Clark outlines his four-point "Success Strategy":
1) End sole American responsibility for the country by, among other ideas, creating an Iraqi Reconstruction Council to replace the Coalition Provisional Authority.
2) Provide better border protection, more intelligence sources, formidable Iraqi security forces, and secure ammunition.
3) Give Iraqis a stake in the country's success by transferring authority on an ongoing basis and by naming an interim Iraqi government with a constitution written by Iraqis.
4) Creating a New Atlantic Charter to "reinvigorate our security partnership with Europe."
The Clark campaign is planning what seems like the biggest fundraiser to date on Nov. 16 in Los Angeles at Morton's Steak House. The event chairs — producers Irving Azoff, Norman Lear, and Jordan Kerner, as well as hotelier and restaurateur Peter Morton — have just sent out the invitations.
Sources tell ABC News that the highlight of the evening will be a performance by members of the The Eagles, who are also named as co-chairs. Tickets are pricey — $500 if you're only there to catch the concert. Throw in dinner and cocktails and you're giving $2,000 to The General's campaign.
Clark hits spin room for the first time
Nov. 5 — ABC News has learned that the Clark campaign will soon announce the addition of Political Director Lara Bergthold. The Los Angeles native relocated to Little Rock as of Tuesday night to work in the Clark '04 campaign offices, reporting to Campaign Chair Eli Segal. Bergthold has been traveling with General Clark and his "road team" as an adviser since the first week in October, but has had no formal title until now. Before joining the Clark campaign, Bergthold was the co-chair of the Board of People for the American Way and the former executive director of Hollywood Women's Political Committee.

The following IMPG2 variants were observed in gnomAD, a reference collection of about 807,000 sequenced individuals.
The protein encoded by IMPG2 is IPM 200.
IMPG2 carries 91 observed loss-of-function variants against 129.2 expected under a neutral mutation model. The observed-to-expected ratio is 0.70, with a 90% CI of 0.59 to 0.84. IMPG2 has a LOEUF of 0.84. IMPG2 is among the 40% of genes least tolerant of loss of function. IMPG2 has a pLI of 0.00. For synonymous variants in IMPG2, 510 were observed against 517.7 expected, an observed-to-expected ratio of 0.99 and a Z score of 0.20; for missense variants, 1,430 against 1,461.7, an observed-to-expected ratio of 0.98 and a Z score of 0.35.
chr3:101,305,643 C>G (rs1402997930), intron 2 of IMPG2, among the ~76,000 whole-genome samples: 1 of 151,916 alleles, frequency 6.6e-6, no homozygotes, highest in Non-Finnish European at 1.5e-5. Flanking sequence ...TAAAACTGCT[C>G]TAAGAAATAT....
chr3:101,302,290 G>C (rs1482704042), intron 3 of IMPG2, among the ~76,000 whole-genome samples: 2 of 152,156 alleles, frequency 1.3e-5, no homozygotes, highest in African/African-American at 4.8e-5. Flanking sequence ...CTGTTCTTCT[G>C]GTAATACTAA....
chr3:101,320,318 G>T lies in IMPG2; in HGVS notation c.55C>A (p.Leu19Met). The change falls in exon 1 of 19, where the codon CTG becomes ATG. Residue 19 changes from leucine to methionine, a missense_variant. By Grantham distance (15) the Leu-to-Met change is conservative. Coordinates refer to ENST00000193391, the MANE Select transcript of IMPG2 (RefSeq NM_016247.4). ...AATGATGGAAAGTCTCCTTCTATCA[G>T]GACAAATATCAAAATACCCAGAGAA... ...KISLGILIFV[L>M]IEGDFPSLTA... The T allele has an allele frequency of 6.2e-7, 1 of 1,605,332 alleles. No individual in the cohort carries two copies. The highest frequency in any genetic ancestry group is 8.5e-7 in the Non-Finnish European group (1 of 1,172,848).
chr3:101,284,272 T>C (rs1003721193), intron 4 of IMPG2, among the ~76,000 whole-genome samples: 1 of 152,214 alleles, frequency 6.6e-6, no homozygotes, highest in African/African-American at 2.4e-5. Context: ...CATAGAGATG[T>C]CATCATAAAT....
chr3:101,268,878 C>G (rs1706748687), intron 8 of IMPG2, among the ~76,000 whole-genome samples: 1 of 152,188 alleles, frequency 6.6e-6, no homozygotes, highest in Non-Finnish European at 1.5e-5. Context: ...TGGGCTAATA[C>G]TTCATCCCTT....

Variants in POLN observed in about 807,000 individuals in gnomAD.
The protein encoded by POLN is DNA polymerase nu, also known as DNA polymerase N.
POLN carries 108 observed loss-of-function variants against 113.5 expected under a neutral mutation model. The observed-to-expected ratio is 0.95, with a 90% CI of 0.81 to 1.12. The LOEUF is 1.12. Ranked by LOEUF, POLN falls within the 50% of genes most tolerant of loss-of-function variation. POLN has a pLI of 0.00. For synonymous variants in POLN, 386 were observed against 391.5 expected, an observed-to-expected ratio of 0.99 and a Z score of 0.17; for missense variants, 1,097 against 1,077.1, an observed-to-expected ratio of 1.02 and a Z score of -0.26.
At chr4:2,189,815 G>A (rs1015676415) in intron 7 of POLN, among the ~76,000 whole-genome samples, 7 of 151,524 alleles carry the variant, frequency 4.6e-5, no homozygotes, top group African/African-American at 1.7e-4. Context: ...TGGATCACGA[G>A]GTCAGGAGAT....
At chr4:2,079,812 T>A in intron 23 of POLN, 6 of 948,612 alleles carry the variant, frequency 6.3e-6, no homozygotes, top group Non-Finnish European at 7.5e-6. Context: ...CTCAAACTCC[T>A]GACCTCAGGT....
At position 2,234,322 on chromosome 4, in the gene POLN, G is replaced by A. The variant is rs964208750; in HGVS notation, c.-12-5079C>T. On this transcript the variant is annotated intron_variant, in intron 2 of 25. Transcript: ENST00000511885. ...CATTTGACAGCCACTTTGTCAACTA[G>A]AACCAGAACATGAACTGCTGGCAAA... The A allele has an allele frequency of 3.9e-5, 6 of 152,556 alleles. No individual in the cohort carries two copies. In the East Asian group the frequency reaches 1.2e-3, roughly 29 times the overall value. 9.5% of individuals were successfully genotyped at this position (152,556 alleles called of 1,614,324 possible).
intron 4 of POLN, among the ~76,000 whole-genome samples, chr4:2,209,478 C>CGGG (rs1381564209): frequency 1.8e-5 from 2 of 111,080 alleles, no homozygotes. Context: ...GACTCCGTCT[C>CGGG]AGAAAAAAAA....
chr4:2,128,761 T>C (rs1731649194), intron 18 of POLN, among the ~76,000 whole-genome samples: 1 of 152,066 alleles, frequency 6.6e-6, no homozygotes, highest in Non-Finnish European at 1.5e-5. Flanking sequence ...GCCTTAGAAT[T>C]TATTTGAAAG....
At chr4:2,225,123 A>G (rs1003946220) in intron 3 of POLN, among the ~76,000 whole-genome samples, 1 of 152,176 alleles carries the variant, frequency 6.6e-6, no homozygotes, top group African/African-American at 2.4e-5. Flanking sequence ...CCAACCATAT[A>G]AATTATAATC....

Last night marked The General's first time in the spin room following a presidential debate. And sticking with his "I won't criticize other Democratic candidates" mantra, Clark downplayed the Dean/Confederate flag issue.
Clark said: "I think it's very important we bring Southern voters to an understanding of differences between the two parties. And that the real differences are not on the sort of culture wars of litmus test issues like guns — I've got a lot of guns in my house, I've been shooting my whole life. The issue is, how do we work together to improve the lives of ordinary Americans." And then he added. "I'm against the divisiveness of the Confederate flag."
Clark communication director Matt Bennett, however, did not hold back on attacking Dean. During the debate, a Bennett statement was circulated in the press room that said Howard Dean, "was wrong when he refused to condemn the Confederate flag."
And Tuesday was all about The General being … well, hip. He raps, in fact, though his body man, Amad, says it sounds more like Sinatra than Tupac. At a closed press appearance yesterday, staffers say that The General rapped for a larger-than-usual crowd. When ABC News asked Clark's son, Wes Jr., if he has heard his father rap he answered, "yes, unfortunately."
A woman asked Clark last night if he's really an Outkast fan, like his 30-second spot suggested. His answer? "I can shake it like a Polaroid picture."
Clark imitates Rangel, gets ready to ski